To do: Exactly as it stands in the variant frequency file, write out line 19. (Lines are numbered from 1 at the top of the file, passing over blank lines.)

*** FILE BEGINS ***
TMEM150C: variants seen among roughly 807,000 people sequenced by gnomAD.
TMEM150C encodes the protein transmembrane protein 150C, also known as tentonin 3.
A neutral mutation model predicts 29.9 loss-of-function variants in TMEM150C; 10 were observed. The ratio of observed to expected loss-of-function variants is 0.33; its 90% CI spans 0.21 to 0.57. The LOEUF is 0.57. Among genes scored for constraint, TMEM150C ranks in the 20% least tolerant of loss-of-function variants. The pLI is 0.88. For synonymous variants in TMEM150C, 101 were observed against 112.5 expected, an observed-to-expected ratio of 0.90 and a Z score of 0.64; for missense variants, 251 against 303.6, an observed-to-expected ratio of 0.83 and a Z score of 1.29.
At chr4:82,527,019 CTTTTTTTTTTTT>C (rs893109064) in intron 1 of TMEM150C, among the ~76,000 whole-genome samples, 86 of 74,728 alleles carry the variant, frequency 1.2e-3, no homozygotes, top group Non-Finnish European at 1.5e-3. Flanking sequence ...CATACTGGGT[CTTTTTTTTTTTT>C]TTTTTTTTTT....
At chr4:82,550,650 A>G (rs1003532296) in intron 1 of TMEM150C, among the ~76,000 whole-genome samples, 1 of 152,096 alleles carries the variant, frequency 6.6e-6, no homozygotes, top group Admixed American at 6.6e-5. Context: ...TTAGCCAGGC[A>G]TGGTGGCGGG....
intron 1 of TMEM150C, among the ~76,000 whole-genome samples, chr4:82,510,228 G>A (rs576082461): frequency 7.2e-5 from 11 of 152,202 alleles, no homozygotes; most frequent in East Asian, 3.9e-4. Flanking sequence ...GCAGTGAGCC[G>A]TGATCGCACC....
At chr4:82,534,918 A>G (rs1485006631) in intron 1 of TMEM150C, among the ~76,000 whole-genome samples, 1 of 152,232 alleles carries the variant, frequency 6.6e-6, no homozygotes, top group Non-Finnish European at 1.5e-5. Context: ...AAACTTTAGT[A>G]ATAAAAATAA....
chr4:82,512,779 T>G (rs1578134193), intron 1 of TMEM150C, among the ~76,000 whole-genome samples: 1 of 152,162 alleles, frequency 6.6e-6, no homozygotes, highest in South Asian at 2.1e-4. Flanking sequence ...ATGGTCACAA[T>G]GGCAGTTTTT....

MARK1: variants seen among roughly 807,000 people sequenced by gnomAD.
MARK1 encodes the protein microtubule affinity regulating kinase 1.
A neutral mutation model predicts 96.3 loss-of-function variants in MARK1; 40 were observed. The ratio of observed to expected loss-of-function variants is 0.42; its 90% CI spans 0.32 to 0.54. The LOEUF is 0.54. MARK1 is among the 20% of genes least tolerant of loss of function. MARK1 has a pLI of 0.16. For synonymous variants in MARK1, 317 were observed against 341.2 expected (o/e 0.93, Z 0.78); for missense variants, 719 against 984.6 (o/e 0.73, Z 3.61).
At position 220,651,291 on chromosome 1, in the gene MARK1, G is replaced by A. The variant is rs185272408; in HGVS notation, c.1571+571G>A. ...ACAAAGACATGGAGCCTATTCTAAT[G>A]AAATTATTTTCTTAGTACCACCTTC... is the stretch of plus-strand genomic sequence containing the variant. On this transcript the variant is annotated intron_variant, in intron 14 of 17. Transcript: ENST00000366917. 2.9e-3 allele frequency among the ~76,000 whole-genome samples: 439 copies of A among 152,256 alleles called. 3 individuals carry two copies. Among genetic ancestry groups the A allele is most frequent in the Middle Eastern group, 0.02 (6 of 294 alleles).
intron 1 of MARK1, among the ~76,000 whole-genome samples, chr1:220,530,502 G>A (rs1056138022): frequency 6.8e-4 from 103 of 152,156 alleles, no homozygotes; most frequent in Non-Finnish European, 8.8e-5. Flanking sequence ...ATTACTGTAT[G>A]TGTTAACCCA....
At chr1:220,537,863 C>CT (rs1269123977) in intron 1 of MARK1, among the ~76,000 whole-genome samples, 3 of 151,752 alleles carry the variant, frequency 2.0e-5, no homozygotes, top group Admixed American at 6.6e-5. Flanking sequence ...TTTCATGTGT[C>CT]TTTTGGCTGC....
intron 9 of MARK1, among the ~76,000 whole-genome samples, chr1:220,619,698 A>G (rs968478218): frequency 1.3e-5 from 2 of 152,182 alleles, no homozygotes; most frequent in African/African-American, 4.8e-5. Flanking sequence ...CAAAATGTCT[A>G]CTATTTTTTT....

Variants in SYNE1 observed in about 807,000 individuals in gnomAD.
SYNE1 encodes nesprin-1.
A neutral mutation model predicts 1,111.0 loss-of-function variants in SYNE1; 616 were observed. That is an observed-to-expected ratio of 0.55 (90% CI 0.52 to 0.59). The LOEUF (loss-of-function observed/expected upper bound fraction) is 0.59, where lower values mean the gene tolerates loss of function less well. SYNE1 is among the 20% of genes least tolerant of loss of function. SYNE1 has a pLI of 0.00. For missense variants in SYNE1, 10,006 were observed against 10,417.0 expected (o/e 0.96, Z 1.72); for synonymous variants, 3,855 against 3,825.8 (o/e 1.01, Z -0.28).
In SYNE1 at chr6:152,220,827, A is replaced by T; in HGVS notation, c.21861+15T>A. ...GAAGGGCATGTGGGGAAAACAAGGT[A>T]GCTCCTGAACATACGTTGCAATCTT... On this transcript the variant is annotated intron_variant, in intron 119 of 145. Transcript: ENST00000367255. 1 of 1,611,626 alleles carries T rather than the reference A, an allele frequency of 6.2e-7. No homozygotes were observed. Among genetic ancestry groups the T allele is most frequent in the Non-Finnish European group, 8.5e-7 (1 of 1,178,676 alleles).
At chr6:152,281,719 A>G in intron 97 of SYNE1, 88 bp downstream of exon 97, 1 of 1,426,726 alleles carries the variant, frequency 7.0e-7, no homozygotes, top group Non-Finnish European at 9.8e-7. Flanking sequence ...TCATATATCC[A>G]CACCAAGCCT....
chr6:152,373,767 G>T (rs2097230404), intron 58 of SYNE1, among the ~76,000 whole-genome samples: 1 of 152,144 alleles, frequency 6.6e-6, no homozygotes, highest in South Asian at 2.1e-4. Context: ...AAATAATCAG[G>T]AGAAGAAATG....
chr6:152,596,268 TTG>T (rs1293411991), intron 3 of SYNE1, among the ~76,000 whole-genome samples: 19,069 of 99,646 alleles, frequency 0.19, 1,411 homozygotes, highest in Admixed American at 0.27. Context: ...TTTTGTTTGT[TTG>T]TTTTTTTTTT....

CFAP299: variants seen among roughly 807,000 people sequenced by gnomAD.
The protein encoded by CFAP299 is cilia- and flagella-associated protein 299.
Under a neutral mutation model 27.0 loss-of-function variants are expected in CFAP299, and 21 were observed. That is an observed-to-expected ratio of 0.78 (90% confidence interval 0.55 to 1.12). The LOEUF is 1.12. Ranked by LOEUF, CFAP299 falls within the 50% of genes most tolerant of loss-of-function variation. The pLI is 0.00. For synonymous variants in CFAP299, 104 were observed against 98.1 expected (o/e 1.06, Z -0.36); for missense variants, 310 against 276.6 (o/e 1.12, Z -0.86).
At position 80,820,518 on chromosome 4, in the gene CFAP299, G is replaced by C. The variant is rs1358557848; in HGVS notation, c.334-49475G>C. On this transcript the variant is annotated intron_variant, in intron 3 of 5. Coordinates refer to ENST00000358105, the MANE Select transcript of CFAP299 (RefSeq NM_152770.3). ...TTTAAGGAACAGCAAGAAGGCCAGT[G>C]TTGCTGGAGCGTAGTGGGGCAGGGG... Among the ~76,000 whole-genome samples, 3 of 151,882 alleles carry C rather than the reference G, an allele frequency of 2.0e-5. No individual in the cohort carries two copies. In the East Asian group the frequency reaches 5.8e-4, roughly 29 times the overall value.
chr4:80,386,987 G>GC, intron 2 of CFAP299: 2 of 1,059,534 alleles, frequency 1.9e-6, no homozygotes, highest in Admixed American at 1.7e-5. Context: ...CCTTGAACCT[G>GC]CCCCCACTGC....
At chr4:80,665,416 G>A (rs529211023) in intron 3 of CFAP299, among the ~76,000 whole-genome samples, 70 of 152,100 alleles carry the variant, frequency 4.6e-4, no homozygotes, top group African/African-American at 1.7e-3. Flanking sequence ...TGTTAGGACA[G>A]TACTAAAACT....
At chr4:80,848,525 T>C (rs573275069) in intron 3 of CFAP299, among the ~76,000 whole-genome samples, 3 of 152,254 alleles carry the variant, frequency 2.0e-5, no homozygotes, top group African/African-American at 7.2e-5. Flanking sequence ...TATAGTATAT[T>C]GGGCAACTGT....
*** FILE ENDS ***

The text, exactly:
In SYNE1 at chr6:152,220,827, A is replaced by T; in HGVS notation, c.21861+15T>A. ...GAAGGGCATGTGGGGAAAACAAGGT[A>T]GCTCCTGAACATACGTTGCAATCTT... On this transcript the variant is annotated intron_variant, in intron 119 of 145. Transcript: ENST00000367255. 1 of 1,611,626 alleles carries T rather than the reference A, an allele frequency of 6.2e-7. No homozygotes were observed. Among genetic ancestry groups the T allele is most frequent in the Non-Finnish European group, 8.5e-7 (1 of 1,178,676 alleles).